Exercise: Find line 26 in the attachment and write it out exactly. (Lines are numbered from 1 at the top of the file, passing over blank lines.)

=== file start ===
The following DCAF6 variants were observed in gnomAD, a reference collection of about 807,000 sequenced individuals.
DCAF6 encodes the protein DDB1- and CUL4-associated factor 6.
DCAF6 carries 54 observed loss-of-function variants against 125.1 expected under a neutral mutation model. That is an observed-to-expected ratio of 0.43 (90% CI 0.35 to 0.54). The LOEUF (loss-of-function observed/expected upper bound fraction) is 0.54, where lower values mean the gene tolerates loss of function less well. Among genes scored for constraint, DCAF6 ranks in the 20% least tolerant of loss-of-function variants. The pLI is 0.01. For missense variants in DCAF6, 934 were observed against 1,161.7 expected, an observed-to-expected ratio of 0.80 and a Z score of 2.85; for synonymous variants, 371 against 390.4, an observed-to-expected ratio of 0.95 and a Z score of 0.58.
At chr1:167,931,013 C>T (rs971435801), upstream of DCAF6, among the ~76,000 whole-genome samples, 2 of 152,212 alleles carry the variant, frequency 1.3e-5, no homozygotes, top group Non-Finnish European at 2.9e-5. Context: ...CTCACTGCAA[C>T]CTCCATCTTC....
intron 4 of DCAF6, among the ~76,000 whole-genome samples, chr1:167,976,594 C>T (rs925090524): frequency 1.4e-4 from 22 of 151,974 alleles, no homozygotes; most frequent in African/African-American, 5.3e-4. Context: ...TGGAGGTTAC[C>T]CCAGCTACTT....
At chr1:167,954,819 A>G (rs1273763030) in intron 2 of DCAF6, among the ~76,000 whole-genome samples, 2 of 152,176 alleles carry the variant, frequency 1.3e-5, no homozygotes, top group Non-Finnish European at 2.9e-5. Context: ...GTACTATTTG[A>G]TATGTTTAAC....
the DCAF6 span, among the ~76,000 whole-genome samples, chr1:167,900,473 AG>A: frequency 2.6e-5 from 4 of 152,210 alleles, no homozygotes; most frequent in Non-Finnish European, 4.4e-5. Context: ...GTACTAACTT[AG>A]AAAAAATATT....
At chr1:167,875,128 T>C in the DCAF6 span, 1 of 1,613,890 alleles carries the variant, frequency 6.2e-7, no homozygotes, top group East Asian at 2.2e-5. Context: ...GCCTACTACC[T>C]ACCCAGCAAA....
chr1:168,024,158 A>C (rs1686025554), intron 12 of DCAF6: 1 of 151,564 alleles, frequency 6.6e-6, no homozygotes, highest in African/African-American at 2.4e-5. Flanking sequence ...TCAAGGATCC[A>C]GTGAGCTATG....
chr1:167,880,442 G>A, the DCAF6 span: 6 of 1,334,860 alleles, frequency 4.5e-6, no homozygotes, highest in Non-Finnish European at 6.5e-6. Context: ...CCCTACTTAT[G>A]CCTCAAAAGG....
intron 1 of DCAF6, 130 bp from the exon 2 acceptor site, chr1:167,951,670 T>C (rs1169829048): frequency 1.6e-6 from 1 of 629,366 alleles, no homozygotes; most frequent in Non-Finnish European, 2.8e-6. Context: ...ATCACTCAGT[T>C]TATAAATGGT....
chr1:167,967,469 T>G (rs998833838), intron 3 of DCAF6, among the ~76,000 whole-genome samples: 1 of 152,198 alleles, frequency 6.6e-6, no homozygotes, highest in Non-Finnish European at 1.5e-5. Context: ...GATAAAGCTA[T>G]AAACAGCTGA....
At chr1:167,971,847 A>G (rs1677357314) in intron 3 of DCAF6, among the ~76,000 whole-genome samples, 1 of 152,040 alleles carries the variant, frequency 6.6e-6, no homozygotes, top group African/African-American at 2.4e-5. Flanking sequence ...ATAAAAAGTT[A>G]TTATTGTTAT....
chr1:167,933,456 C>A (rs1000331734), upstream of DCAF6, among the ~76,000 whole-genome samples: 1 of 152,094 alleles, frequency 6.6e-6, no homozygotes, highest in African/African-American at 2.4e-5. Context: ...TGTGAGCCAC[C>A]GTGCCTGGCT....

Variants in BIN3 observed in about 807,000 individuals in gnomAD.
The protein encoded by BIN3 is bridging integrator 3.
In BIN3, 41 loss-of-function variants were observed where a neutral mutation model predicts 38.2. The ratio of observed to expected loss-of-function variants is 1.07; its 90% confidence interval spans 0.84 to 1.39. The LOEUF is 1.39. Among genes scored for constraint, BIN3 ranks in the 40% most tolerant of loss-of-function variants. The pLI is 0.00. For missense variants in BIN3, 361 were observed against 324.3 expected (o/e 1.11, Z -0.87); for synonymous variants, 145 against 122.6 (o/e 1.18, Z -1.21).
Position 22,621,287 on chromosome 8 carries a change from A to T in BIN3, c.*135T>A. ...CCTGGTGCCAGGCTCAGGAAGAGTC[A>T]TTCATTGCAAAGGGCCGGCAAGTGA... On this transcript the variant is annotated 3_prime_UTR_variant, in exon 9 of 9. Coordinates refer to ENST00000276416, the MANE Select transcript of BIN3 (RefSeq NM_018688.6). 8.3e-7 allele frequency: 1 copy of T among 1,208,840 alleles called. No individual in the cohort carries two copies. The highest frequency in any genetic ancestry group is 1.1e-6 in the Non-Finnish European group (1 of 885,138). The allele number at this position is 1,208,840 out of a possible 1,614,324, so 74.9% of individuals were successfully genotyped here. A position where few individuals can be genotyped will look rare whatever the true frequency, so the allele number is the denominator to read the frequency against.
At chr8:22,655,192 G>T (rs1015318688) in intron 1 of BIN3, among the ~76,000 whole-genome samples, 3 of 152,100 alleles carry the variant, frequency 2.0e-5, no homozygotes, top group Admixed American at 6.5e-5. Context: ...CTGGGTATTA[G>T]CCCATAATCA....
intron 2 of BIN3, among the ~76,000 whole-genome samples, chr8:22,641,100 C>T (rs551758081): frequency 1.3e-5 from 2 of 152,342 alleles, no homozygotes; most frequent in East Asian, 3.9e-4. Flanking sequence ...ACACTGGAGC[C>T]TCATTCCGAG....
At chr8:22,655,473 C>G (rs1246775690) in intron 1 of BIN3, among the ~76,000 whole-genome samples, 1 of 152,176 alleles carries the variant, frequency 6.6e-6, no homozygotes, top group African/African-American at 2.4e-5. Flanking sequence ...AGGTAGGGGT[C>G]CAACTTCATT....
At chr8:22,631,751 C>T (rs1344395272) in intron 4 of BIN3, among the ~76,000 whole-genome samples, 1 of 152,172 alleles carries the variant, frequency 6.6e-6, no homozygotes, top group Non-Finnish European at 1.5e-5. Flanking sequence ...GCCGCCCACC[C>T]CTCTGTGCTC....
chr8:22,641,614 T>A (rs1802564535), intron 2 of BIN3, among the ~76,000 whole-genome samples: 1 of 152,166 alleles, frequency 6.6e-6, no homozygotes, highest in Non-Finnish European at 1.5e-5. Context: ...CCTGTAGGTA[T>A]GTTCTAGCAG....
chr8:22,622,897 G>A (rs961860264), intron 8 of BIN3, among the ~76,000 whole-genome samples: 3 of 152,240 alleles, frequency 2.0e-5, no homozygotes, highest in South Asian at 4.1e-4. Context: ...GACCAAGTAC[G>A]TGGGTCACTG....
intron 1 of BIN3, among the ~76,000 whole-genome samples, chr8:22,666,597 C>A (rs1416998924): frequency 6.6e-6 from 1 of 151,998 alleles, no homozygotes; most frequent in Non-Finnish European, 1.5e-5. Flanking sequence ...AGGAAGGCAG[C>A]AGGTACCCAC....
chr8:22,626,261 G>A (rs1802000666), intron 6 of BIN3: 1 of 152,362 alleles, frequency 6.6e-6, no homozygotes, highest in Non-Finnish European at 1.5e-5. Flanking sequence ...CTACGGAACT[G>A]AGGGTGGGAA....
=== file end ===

chr8:22,626,261 G>A (rs1802000666), intron 6 of BIN3: 1 of 152,362 alleles, frequency 6.6e-6, no homozygotes, highest in Non-Finnish European at 1.5e-5. Flanking sequence ...CTACGGAACT[G>A]AGGGTGGGAA....